The Disco Blog

Can you dig it?

JVM Fork Modes and Metaclass Wizardry

Over the past decade of finding myself staring at innumerable Ant build files containing a JUnit task, I’ve come to realize a subtle, yet powerful flag, that when not set properly, almost always leads to random and confusing test catastrophes. The JUnit task supports a number of attributes, but the most important is the fork one. This flag controls whether or not the tests being run are invoked within the same JVM instance of Ant itself or within a new one. By default, this value is set to off (false seems to do the same thing); however, in doing so, I’ve, from time to time, seen class loading issues or mysterious versions of jars causing strange code to be executed.

Thus, unless there is some reason not to do so, I usually set the the fork attribute to true. But alas, the story doesn’t end there! With the value of true, a test suite will be executed within a new JVM, shielded from Ant and 98.72% of the time, this is good enough. Nevertheless, if your code does something really interesting, like augment normal Java code with MetaClass wizardry you might find yourself scratching your head, especially if you change the behavior of the same classes between tests.

For instance, at App47 we have a number of different software components, written in various languages, that interact via queues. In one particular case, we have a Rails instance dropping messages on two queues that are ultimately processed by a Java application. The underlying queue implementation changes based upon where the code is running (i.e. in the cloud or within a data center). The data center queuing implementation was added after an initial cloud implementation was written an deployed. In order for the Java application to interact with the underlying queues and their differing implementations, at runtime, one class is dynamically augmented with some extra code, unique to the particular queue it is set to interact with. This magic is actually quite simple and is achieved via Groovy.

Essentially, a Message class (representing a generic message residing on a queue) is dynamically augmented with a Processor class that knows how to actually handle the message instance. In this case, we only have two types of messages, so at run time, when the actual Java process fires up, it is told which type of Processor to shove into a popped Message instance like so:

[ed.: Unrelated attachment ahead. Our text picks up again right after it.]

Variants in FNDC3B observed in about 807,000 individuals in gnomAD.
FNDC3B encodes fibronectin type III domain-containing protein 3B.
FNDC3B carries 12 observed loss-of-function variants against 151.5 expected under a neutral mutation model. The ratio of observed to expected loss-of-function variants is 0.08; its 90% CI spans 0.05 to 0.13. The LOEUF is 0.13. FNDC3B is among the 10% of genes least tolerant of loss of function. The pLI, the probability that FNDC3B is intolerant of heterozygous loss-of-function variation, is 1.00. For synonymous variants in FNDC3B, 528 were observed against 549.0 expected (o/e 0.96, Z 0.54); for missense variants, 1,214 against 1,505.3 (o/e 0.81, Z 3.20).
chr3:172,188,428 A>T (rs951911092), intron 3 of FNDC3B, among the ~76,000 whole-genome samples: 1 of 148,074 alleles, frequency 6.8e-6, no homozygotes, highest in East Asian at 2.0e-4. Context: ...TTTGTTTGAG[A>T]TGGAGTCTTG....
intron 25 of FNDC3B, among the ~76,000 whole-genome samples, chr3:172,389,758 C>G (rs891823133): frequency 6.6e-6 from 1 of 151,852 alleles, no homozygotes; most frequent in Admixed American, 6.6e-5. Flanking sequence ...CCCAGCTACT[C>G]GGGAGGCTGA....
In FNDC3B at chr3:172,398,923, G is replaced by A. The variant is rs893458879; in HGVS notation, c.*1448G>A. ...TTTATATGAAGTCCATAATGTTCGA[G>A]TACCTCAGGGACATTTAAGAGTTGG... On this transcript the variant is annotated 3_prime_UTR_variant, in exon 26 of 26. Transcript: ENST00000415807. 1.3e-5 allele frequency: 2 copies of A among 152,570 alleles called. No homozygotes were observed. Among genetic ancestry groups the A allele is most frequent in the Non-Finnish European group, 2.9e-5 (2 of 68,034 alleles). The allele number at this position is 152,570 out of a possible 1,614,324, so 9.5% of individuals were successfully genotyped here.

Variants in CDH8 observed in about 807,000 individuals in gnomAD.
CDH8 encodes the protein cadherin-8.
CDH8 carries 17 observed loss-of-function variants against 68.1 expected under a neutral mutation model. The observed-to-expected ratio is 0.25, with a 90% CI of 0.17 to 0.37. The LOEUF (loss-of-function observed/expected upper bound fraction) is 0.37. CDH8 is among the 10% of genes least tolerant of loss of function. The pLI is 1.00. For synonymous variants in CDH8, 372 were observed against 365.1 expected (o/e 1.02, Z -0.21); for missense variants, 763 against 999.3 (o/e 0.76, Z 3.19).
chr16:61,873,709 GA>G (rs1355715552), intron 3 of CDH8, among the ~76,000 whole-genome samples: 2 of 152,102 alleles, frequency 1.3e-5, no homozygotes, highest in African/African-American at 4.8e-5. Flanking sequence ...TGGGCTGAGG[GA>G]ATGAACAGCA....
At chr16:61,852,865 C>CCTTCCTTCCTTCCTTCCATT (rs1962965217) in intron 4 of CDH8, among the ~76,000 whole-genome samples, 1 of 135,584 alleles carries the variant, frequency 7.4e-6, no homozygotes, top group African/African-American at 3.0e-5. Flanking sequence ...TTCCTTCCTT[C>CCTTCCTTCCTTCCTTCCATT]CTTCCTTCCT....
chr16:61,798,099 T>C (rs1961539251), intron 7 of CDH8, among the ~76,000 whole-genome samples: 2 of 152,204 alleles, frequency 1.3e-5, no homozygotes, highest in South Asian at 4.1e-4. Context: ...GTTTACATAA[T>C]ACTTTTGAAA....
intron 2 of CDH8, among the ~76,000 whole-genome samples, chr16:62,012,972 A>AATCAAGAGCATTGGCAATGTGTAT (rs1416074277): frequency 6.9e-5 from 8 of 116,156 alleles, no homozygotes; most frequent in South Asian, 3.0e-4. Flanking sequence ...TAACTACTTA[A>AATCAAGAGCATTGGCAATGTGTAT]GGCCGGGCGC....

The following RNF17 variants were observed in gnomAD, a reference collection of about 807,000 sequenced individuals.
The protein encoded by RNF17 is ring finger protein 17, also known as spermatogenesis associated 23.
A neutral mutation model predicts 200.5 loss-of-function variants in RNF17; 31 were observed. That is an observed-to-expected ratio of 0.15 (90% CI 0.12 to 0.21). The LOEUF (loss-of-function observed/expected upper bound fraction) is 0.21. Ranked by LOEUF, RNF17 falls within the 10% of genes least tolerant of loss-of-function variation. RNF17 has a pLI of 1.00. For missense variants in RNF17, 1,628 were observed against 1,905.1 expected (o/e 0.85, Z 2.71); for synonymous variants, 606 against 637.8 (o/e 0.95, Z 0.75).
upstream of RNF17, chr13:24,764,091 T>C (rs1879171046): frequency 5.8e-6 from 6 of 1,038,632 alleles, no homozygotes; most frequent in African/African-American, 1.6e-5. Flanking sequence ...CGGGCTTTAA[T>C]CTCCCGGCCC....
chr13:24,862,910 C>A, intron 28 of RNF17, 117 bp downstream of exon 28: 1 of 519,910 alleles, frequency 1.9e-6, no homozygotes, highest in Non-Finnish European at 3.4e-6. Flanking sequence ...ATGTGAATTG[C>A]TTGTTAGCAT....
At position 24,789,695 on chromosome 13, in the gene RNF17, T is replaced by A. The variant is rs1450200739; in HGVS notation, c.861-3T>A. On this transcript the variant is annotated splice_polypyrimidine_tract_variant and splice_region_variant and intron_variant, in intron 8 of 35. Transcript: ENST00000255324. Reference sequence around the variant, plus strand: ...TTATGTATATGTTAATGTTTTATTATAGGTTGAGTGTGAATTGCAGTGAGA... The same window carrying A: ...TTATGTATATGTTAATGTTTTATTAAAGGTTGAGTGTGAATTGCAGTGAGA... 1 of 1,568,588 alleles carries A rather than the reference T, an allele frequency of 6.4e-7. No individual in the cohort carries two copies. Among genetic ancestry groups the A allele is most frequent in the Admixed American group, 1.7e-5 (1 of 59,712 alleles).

Groovy MetaClass wizardry
def iprocessor = manufactureProcessor(processor)
Message.metaClass.static.getMessageProcessor << { return iprocessor }

Thus, when a particular Message instance is popped off of a queue, it asks itself for an instance of a Processor via the getMessageProcessor method and it proceeded to process itself. Without delving into the particulars of underlying queues or workflow, the relevant details here are that the original message was created via a Ruby process and that ultimately the underlying message is a JSON document; what’s more, the dynamic code was added to retro fit a newer queueing technology required for data center deployments.

Now back to JUnit and Ant: this varying and dynamic altering of a Java class caused some subtle test failures when run in a forked mode. It turns out that in addition to the ability to fork the JVM for a test suite, you can control the granularity of how often you can fork. That is, via the forkmode attribute, you can fork one time for all tests or once for each test.

The forkmode attribute can take the values of perTest (which is the default value), once, and perBatch – in our particular case, the value was initially set to once, which meant that once a Message class was dynamically set with a Processor, it seemingly always had the same one. That is, even in later tests where the underlying logic was setting different Processor instances, they were subsequently ignored in favor of which ever Processor was initially set. Switching the forkmode attribute to perTest naturally fixed the test failures. This made total sense: each JVM instance for each test had the correctly modified Message class. This incidentally also models how the underlying Java processes work in a production environment: they each have their own JVM.

Therefore, pay particular attention to the settings in an Ant file’s JUnit task. The same is true for Maven’s Surefire Plugin – in both cases, the fork mode and the frequency at which tests fork can mean the difference between a successful test suite run or a cacophony of failures.